Deciding whether to use a snapshot or a wrist shot depends on the specific game situation and the desired outcome. Here are the scenarios in which each shot is most effective:

Snapshot Usage

The snapshot is ideal when time and space are limited, such as on a breakaway or when in close proximity to a defender. The quick release makes it difficult for goalies and defenders to anticipate the puck’s direction, increasing your chances of scoring.

Wrist Shot Application

On the other hand, the wrist shot shines when accuracy takes precedence over speed. It is particularly useful when aiming for specific corners or shooting through traffic in front of the net. The slower release of the wrist shot allows players more time to aim precisely, increasing the likelihood of finding the back of the net.

Mastering the Snapshot: Techniques and Tips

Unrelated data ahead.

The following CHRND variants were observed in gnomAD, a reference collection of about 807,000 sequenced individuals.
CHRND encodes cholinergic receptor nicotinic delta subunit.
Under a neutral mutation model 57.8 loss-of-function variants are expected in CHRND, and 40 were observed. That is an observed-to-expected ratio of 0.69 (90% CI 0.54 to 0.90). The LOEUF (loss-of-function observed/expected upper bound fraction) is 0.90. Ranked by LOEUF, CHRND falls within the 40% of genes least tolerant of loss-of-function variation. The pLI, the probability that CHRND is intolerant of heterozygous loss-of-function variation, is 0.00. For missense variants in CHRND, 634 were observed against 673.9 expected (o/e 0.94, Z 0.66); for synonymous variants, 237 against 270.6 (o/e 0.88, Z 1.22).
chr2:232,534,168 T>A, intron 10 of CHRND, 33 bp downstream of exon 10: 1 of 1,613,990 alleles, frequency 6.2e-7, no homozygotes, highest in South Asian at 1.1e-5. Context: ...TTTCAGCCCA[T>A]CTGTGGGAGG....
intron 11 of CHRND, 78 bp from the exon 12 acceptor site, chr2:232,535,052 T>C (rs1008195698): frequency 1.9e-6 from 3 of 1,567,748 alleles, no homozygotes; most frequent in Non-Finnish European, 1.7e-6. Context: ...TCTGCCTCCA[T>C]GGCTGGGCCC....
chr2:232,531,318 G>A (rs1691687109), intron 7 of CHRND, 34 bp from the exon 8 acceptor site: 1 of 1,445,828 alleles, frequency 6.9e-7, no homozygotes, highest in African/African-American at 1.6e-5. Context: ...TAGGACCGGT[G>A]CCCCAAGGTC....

Now that we understand the snapshot and its role in the game, we will now take a look at some essential techniques and tips to help you master this crucial shot.

Hand Position: Finding the Sweet Spot

Achieving the optimal hand position is necessary for generating power and control when taking a snapshot. Unlike the wrist shot, where the hands are positioned differently, the snapshot requires the bottom hand to be slightly lower on the stick, closer to the middle of the shaft. This position allows players to flex the shaft to its maximum potential, extracting additional power from the stick.

Body Positioning: Chest Facing the Net

When preparing for a snapshot, it is essential to adjust your body positioning accordingly. While the wrist shot involves facing the net with your shoulder, the snapshot requires your chest to face the net. This adjustment is particularly important when executing the snapshot while skating towards the net in close proximity. The need for a quick release eliminates the luxury of setting up for a wrist shot, demanding an immediate snap of the puck.

Puck Placement: Preparing for the Quick Release

To execute a snapshot effectively, players must position the puck to the side of their body, similar to where it would be when stickhandling on their shooting side. This placement ensures that the puck is ready to be released in an instant, allowing for a quick and accurate shot.

Weight Transfer: Generating Power and Momentum